London: Edward Arnold, 1910. 4to. xvi, 416, ii pp., including leaf of advertisements of books by Abel Chapman, plus 22-page publisher’s catalogue dated Nove. FIRST EDITION. With frontispiece, 31 full-page plates, many with multiple photographic illustrations, and numerous text illustrations. Half morocco over marbled boards, gilt lettering on spine; an excellent copy from the library of James M. Dolan Jr., former head curator and director of collections at the Zoological Society of San Diego, with his small blind stamp on title. Item #16312
First edition of an important work on Spain and its wildlife, intended as the sequel to the authors’ Wild Spain (1893). Chapman and Buck spent two years in Spain marching through mountains and desolate marshes watching and inventorying fauna. Among many other sites, they describe the historic hunting places of Coto Dañana, Andalusia’s big game, wild geese, the Spanish bull fight, flamingoes, and wild camels. The work is enriched by stunning photographs that show the progress made in capturing animal images at that time.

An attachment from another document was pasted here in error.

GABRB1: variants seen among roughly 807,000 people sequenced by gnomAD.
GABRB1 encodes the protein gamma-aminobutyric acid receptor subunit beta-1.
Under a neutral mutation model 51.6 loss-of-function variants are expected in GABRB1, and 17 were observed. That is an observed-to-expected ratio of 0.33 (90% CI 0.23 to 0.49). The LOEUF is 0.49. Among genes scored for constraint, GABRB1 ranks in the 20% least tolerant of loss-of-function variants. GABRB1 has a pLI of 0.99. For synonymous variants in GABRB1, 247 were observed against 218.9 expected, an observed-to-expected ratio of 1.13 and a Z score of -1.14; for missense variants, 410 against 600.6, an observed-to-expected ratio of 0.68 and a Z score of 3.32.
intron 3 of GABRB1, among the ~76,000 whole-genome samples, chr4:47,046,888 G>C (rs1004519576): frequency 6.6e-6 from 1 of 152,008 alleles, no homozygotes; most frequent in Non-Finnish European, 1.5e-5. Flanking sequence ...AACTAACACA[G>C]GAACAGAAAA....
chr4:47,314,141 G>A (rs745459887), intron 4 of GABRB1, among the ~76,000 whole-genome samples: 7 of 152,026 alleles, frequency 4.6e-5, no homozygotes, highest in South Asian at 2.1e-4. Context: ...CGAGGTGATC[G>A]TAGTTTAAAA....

Chapman (1851–1929) was a British naturalist and hunter who made regular visits to the Iberian Peninsula, together with his friend Walter Buck, the British vice-consul at Jerez. He saved the Iberian ibex (goat) from extinction thank to his hunting restrictions.